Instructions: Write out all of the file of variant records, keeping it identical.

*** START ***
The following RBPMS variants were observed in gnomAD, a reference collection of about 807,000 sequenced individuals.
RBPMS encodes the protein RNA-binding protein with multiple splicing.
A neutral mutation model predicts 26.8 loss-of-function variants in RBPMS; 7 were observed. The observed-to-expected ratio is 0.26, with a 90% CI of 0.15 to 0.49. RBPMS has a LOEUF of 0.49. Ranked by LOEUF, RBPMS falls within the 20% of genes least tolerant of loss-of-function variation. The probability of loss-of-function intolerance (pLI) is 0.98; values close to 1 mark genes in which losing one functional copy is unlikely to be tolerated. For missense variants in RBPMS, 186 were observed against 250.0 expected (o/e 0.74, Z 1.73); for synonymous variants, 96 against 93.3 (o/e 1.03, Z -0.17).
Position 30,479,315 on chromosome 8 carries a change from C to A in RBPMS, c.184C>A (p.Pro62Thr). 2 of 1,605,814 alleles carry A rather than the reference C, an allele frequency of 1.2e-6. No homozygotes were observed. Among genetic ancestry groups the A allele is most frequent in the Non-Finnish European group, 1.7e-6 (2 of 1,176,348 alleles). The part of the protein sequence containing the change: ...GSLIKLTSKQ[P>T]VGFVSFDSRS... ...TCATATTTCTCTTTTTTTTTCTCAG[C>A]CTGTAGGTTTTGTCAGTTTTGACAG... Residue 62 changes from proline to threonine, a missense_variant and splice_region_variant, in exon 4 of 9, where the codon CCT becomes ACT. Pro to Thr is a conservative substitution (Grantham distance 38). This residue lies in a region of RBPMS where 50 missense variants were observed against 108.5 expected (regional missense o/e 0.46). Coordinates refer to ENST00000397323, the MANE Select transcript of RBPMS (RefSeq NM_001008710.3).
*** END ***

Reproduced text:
The following RBPMS variants were observed in gnomAD, a reference collection of about 807,000 sequenced individuals.
RBPMS encodes the protein RNA-binding protein with multiple splicing.
A neutral mutation model predicts 26.8 loss-of-function variants in RBPMS; 7 were observed. The observed-to-expected ratio is 0.26, with a 90% CI of 0.15 to 0.49. RBPMS has a LOEUF of 0.49. Ranked by LOEUF, RBPMS falls within the 20% of genes least tolerant of loss-of-function variation. The probability of loss-of-function intolerance (pLI) is 0.98; values close to 1 mark genes in which losing one functional copy is unlikely to be tolerated. For missense variants in RBPMS, 186 were observed against 250.0 expected (o/e 0.74, Z 1.73); for synonymous variants, 96 against 93.3 (o/e 1.03, Z -0.17).
Position 30,479,315 on chromosome 8 carries a change from C to A in RBPMS, c.184C>A (p.Pro62Thr). 2 of 1,605,814 alleles carry A rather than the reference C, an allele frequency of 1.2e-6. No homozygotes were observed. Among genetic ancestry groups the A allele is most frequent in the Non-Finnish European group, 1.7e-6 (2 of 1,176,348 alleles). The part of the protein sequence containing the change: ...GSLIKLTSKQ[P>T]VGFVSFDSRS... ...TCATATTTCTCTTTTTTTTTCTCAG[C>A]CTGTAGGTTTTGTCAGTTTTGACAG... Residue 62 changes from proline to threonine, a missense_variant and splice_region_variant, in exon 4 of 9, where the codon CCT becomes ACT. Pro to Thr is a conservative substitution (Grantham distance 38). This residue lies in a region of RBPMS where 50 missense variants were observed against 108.5 expected (regional missense o/e 0.46). Coordinates refer to ENST00000397323, the MANE Select transcript of RBPMS (RefSeq NM_001008710.3).